Coronavirus outbreak means decision needed on Tokyo Olympics by May, says top IOC official Dick Pound
A senior member of the International Olympic Committee says that if it proves too dangerous to hold the Olympics in Tokyo this summer because of the coronavirus outbreak, organisers are more likely to cancel it altogether than to postpone or move it.
The viral outbreak that began in China two months ago has infected more than 80,000 people globally and killed over 2,700, the vast majority of them in China.
But the virus has also gained a foothold in South Korea, the Middle East and Europe, raising fears of a pandemic. Japan itself has reported four deaths.
So could the Olympics be cancelled?
If the IOC decides the Games cannot go forward as scheduled in Tokyo, “you’re probably looking at a cancellation,” Canadian IOC official Dick Pound said.
In the host contract for the Tokyo Olympics, part XI refers to Termination, and section 66 talks about “Termination of Contract”.
The first item in a list of scenarios that would allow the IOC to terminate the contract and “withdraw the Games from the [host] city” is if:
i) the Host Country is at any time, whether before the Opening Ceremony or during the Games, in a state of war, civil disorder, boycott, embargo decreed by the international community or in a situation officially recognised as one of belligerence or if the IOC has reasonable grounds to believe, in its sole discretion, that the safety of participants in the Games would be seriously threatened or jeopardised for any reason.“
The Tokyo host contract does not mention health, only safety.
However, the host contract for the Paris Olympics — to be held in 2024 — refers to the IOC having “reasonable grounds to believe that the health or safety of participants in the Games would be seriously threatened or jeopardised for any reason.”
Could the Olympics be postponed?
As for the possibility of postponement, Pound said: “You just don’t postpone something on the size and scale of the Olympics.
“There’s so many moving parts, so many countries and different seasons, and competitive seasons, and television seasons. You can’t just say, ‘We’ll do it in October.'”
There is also a lot of money tied up in the Olympics.
American TV network NBC is the Olympics rights broadcaster in the United States.
NBC paid $US4.38 billion ($6.64 million) in 2011 for the rights to four Summer and Winter Olympics, culminating in this year’s Tokyo Games.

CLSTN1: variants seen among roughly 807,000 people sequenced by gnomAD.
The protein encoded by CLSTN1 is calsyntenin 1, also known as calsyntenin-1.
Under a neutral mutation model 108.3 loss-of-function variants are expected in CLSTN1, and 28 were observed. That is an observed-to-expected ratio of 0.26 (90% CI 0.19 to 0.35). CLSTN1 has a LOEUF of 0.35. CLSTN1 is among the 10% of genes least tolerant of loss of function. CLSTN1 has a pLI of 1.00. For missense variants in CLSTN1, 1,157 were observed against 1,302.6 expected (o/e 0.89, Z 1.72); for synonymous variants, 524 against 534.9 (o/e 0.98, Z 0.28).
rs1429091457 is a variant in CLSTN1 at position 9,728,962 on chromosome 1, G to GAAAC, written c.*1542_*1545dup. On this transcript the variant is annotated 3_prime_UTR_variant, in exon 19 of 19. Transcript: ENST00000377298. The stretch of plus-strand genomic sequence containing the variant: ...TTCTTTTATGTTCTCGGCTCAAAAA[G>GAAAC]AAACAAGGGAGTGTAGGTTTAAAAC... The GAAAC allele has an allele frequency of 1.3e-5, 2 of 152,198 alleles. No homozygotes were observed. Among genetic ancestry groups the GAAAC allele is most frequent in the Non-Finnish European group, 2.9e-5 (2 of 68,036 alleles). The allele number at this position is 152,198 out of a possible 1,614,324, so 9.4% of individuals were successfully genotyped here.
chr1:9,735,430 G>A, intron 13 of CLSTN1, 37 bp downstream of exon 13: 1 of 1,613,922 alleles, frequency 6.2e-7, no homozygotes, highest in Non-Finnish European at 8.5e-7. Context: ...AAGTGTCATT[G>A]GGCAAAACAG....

Could the Games be moved?
Pound, who has been on the IOC since 1978, said moving to another city seems unlikely “because there are few places in the world that could think of gearing-up facilities in that short time to put something on.”
Pound said he would not favour a scattering of Olympic events to other places around the world as “you’d end up with a series of world championships”.
He also said it would be extremely difficult to spread around the various sports over a 17-day period with only a few months’ notice.
However, London mayoral candidate Shaun Bailey has recently said that London could “step up” and host the Games if Tokyo is unable to do so due to the Coronavirus outbreak.
That was echoed by incumbent Mayor Sadiq Khan, who said that: “London, as it has done throughout history, will do its best to step up to the plate.”
London has hosted the Olympics three times, most recently in 2012, with much of the infrastructure in the Stratford area of east London still in place.
Have the Olympics been moved before?
The city stepping in to host the Games is not without precedent.
In 1908, London was selected to replace Rome at short notice after the 1906 eruption of Mount Vesuvius forced the diversion of funds from the hosting of the Olympics to rebuilding the city of Naples.
London also hosted the Games in 1948, shortly after the end of World War II.
Tokyo’s Governor, Yuriko Koike, reacted angrily to the comments from London, saying the discussion was “not appropriate.”
The British Olympic Association also distanced themselves from the comments, according to a report in the Daily Telegraph.
When will they have to decide?
Pound estimated there is a three-month window — perhaps a two-month one — to decide the fate of the Tokyo Olympics, meaning a decision could be put off until late May.
“In and around that time, I’d say folks are going to have to ask: ‘Is this under sufficient control that we can be confident about going to Tokyo or not?”‘ he said.
Pound also cast doubt on the possibility of a one-year delay because of financial consequences for Japan and scheduling factors.
He added that the future of the Tokyo Games is largely out of the IOC’s hands and depends on the course the virus takes.
As the Games draw near, he said, “a lot of things have to start happening. You’ve got to start ramping up your security, your food, the Olympic Village, the hotels. The media folks will be in there building their studios”.
What should athletes do in the meantime?
Pound encouraged athletes to keep training. About 11,000 are expected for the Olympics, which are scheduled to open on July 24, and 4,400 are bound for the Paralympics, which open August 25.
“As far as we all know, you’re going to be in Tokyo,” Pound said.
“All indications are at this stage that it will be business as usual. So, keep focused on your sport and be sure that the IOC is not going to send you into a pandemic situation.”
Meanwhile, Australian Sports Minister Richard Colbeck has said the country’s Olympians could be pulled out of this year’s Games if it means their health is at risk.
“Australian athletes are ready to make their mark at the Tokyo Olympics — but it should not be at the risk of their health and wellbeing,” he told News Corp.
“We continue to work with the relevant authorities both here and overseas to ensure our athletes remain safe and protected as the response to the coronavirus continues.”